• A23LFOODS, FOODSTUFFS, OR NON-ALCOHOLIC BEVERAGES, NOT COVERED BY SUBCLASSES A23B - A23J; THEIR PREPARATION OR TREATMENT, e.g. COOKING, MODIFICATION OF NUTRITIVE QUALITIES, PHYSICAL TREATMENT; PRESERVATION OF FOODS OR FOODSTUFFS, IN GENERAL
    • A23L2/00Non-alcoholic beverages; Dry compositions or concentrates therefor; Their preparation
    • A23L2/42Preservation of non-alcoholic beverages
    • AHUMAN NECESSITIES
    • A23FOODS OR FOODSTUFFS; THEIR TREATMENT, NOT COVERED BY OTHER CLASSES
    • A23LFOODS, FOODSTUFFS, OR NON-ALCOHOLIC BEVERAGES, NOT COVERED BY SUBCLASSES A23B - A23J; THEIR PREPARATION OR TREATMENT, e.g. COOKING, MODIFICATION OF NUTRITIVE QUALITIES, PHYSICAL TREATMENT; PRESERVATION OF FOODS OR FOODSTUFFS, IN GENERAL
    • A23L2/00Non-alcoholic beverages; Dry compositions or concentrates therefor; Their preparation
    • A23L2/52Adding ingredients
    • A23L2/54Mixing with gases
    • AHUMAN NECESSITIES
    • A23FOODS OR FOODSTUFFS; THEIR TREATMENT, NOT COVERED BY OTHER CLASSES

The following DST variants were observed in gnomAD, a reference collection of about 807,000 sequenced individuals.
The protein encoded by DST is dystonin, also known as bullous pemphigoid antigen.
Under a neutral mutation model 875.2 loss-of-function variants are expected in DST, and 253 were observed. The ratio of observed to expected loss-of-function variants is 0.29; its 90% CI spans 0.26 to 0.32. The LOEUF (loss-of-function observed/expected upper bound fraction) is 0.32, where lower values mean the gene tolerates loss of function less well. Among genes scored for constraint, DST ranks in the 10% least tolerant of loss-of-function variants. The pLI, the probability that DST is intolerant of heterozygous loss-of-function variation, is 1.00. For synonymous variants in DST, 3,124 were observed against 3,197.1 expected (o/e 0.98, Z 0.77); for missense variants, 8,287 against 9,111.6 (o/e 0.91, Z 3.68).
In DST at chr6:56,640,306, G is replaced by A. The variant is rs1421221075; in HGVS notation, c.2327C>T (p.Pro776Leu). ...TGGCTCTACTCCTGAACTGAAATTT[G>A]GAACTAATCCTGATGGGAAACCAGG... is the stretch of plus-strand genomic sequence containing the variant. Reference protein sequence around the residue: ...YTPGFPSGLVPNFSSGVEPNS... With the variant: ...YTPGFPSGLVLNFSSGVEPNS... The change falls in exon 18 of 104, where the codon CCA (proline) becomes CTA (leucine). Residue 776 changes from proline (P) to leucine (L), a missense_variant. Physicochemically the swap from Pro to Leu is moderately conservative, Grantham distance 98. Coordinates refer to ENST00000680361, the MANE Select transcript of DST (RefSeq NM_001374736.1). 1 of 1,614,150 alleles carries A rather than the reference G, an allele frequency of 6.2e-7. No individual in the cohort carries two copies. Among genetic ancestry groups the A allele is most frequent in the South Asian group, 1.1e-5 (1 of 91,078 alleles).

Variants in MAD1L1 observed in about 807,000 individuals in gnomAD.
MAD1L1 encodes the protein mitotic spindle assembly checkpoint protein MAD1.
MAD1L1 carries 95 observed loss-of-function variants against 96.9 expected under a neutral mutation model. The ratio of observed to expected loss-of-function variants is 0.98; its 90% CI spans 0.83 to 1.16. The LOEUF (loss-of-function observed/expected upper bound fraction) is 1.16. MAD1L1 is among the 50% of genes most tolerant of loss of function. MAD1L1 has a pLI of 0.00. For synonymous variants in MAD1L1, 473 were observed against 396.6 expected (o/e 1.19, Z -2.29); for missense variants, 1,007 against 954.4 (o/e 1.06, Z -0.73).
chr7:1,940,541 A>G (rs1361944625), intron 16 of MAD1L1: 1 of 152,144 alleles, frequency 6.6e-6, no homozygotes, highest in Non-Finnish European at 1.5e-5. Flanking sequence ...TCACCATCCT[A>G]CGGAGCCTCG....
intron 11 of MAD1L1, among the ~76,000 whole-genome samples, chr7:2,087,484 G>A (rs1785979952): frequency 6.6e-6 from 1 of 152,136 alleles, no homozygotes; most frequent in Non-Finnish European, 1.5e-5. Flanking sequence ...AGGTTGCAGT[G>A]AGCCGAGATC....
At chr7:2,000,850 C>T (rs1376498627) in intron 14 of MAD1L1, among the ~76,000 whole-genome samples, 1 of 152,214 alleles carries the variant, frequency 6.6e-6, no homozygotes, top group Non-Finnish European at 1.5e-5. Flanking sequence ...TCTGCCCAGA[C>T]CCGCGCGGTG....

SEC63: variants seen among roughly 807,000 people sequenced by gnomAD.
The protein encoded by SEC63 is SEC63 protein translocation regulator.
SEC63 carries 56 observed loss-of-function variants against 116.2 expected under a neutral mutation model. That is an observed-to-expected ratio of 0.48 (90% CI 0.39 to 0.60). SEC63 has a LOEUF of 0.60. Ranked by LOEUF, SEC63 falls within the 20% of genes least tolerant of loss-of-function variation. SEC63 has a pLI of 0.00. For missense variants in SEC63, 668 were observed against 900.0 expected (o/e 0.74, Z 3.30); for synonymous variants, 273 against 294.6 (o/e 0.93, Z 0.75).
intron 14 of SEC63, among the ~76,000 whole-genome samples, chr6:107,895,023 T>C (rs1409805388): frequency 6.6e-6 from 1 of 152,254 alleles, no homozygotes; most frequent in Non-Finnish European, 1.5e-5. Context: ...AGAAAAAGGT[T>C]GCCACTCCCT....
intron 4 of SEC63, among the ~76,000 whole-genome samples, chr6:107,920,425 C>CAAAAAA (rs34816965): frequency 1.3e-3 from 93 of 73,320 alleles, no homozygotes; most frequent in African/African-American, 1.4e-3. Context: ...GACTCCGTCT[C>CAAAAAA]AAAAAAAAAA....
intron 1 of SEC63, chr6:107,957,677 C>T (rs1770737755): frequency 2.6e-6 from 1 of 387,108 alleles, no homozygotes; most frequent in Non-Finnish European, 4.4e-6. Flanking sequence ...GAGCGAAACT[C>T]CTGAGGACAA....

• A23LFOODS, FOODSTUFFS, OR NON-ALCOHOLIC BEVERAGES, NOT COVERED BY SUBCLASSES A23B - A23J; THEIR PREPARATION OR TREATMENT, e.g. COOKING, MODIFICATION OF NUTRITIVE QUALITIES, PHYSICAL TREATMENT; PRESERVATION OF FOODS OR FOODSTUFFS, IN GENERAL
    • A23L2/00Non-alcoholic beverages; Dry compositions or concentrates therefor; Their preparation
    • A23L2/52Adding ingredients
    • A23L2/56Flavouring or bittering agents

Abstract

A beverage product includes a mixture having a dissolved oxygen content of less than 500 parts per billion, the mixture including tea flavor, hops flavor, and water. The beverage product further includes a container holding the mixture, the container being sealed to prevent the introduction of dissolved oxygen, a headspace of the container including inert gas.

Description

SYSTEMS AND METHODS FOR A PRESERVED, DEOXYGENATED, FLAVORED

BEVERAGE AND COMPOSITIONS THEREOF

BACKGROUND

[0001] Beverages having rich flavors and low calories are very desirable for consumers. Additionally, consumers typically disfavor artificial sweeteners or other non-natural ingredients. Therefore, it is desirable to provide a flavorful beverage with low calories.

BRIEF SUMMARY